Marian @ Krysan


Planting Golden Seeds in Northumberland, Tyne & Wear & Durham



When the pupil is ready, the teacher will appear.





An Elder Woman 


Dear Friends,


Every day - from morning till night - my computer delivers e-mails into my Inbox from all around the world. And, when necessary, I add to the chatter and press Reply. Today was no exception.

This, then, is a day in the life of ... , a day which started early with a quick flick through my e-mails and then some serious tweaking to an electronic document being made ready for an ImROC planning meeting coming along shortly.

I share good news - even the stuff that dreams are made of.

  • Sincerely yours
  • Marian @ Krysan



ImROC stands for 'Implementing Recovery Through Organisational Change'.

ImROC is a relatively new initiative aimed at making recovery from mental illness and distress a reality throughout the land.  Significantly, this is also officially viewed as an educational (rather than a purely therapeutic) initiative, free and open to anyone and everyone.  As said, this is the stuff that dreams are made of.

I come to this not simply as a dreamer of dreams, but also as a Volunteer/Governor for a large NHS Mental Health Foundation Trust working hard to transform a culture and ways of working embedded in times past. My involvement with ImROC and the related Recovery College Network began some months ago when I was accepted as the Governor responsible for reporting back to the Council of Governors on progress.

According to information available to all:

"Recovery Colleges are co-produced in local partnerships. The provision of a range of different courses, seminars and workshops allow them to cater for people with diverse needs and preferences. Some people may want to dip in to specific courses, others may wish to construct for themselves a more comprehensive programme. Some people may ‘put their toe in the water’ with a single session that interests them and then move on to longer courses. The range of courses is determined by those who wish to attend them."

Below is a Statement of Intent concerning my support for the Recovery College Network at this early stage in my involvement.  This, then, is information circulated to the Council of Governors as my immediate response to an ImROC strategy meeting I had attended that day.


2 The Recovery College Network

Reality News, June 2007, Issue 65

Today, I unpacked a precious back copy of Reality News themed around A Portrait of a Colliery. Some of you may remember this magazine as an early wellbeing/recovery initiative which came to you via Cherry Knowle Hospital's Patients' Circle (2001 - 2008), that is, through peer support at its best and its earliest.

Northern Grit

Looking back to wonderful people, I am amazed at what Northern grit, co-operation, collaboration, and friendship - among even the most overwhelmed and vulnerable in society - achieved over 7 years and 77 issues! Never discount anyone - no one at all.


I thankfully recovered, but some did not. My own view is that recovery from despair and anguish, however it is caused, is a journey - destination unknown. We each and every one of us do our best with the hand we have been dealt. Thanks largely to the Reality News Team, over 7 years I learned to laugh again ... 

Quotable Quote

"The goal of the recovery process is not to become normal. The goal is to embrace our human vocation of becoming more deeply, more fully human ... to become the unique, awesome, never to be repeated human being that we are called to be." —Patricia Deegan


From this day forth, I gratefully throw in my hand with the national and local Recovery College Network as it enters a new phase in its evolution to make things better for all. This, too, will be an amazing journey. There's a lot more joy, energy and contribution to be had in life. Please join me.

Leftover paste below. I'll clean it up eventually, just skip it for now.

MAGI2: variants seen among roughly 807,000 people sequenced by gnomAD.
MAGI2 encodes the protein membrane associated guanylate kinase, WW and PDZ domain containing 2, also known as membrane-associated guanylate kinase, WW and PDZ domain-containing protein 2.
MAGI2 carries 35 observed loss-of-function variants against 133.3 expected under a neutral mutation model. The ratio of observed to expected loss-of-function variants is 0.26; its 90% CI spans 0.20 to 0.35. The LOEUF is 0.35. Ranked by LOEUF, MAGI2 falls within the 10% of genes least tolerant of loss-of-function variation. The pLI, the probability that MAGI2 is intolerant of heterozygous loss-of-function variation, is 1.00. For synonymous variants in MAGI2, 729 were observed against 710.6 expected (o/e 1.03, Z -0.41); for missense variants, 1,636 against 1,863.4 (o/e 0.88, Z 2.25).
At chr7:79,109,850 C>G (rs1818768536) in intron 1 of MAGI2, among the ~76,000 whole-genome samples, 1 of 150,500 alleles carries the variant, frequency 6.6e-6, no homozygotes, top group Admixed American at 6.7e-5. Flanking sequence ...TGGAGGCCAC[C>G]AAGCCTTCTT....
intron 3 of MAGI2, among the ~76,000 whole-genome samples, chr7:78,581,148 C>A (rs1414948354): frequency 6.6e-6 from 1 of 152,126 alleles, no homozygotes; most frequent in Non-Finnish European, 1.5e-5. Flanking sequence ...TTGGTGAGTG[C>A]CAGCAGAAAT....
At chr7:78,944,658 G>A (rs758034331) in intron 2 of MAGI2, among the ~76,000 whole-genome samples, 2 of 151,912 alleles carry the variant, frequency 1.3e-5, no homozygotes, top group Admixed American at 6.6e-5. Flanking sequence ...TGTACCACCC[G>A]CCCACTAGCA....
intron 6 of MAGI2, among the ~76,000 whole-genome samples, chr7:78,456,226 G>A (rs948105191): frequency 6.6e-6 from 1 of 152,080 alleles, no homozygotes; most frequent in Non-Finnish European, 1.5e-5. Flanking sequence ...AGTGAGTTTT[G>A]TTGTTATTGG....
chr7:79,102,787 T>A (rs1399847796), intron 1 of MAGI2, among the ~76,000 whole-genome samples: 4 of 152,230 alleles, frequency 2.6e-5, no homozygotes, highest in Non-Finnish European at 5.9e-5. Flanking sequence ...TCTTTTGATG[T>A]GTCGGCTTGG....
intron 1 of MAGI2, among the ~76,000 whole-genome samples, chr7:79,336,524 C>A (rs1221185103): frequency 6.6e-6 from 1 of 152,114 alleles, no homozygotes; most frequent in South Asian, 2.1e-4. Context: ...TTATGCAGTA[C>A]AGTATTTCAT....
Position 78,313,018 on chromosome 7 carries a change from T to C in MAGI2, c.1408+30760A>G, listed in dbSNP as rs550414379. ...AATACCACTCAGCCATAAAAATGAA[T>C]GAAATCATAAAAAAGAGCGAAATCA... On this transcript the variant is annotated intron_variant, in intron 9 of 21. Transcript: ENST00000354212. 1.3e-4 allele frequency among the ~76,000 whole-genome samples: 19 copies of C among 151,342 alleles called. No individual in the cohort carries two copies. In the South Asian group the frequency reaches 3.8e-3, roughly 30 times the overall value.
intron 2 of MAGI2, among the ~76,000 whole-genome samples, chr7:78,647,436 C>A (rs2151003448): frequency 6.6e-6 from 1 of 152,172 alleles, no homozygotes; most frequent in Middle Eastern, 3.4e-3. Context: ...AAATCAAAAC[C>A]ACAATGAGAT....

• Marian Moore (June 2015)
  • Council of Governors (and ImROC)


3 Making Recovery a Reality

Making recovery a reality is the main priority of today's mental health services. Progress in care and support through new Care Pathways and Models of Care proceeds apace - and rightly so. With change in mind, here are the details of a book that is recommended by experts in the field. It is aimed at those involved in promoting wellbeing, whether this be their own or someone else's.  I am confident it will not disappoint. 

JOHNSTONE CHRIS (2010), Find Your Power: a toolkit for resilience and positive change, pub Permanent Publications, Hampshire.

Find Your Power describes how to strengthen your ability to bring about positive change in your life and our world. Drawing on insights from addictions recovery, positive psychology, storytelling and holistic science, it includes proven strategies for improving mood, building strengths and increasing effectiveness

The first part of the book introduces motivational enhancement tools that help you become clearer about your direction and more inspired to move that way.  

The second part offers tools for getting through blocks by looking at creative problem solving strategies, ways of dealing with fear and methods for transforming crisis or failure into turning points.  

The third part explores how to keep yourself going in the marathon of longer term change by strengthening support around you, tapping into purposes bigger than yourself and making what you do more enjoyable.

The tools described can be used for any kind of change, from tackling depression and improving your life through to addressing world issues like peak oil and climate change.

4 Finding Your Power

Dr. Chris Johnstone's book is a great find.  As an outsider looking in, I see the main purpose of the new Recovery Colleges as in enabling people whose lives have been put on hold (even ruined) to find their power. With this in mind, the task would seem one of providing proven strategies for:

  • improving mood, 
  • building strengths, and
  • increasing effectiveness

Over my many years as a mental health service user, I travelled in whatever direction my intuition took me. Unfettered by convention and tradition, I roamed freely through an ever-expanding library of books and an ever-evolving range of academic disciplines. In search of a way, I designed, implemented and evaluated a  curriculum, one to suit me.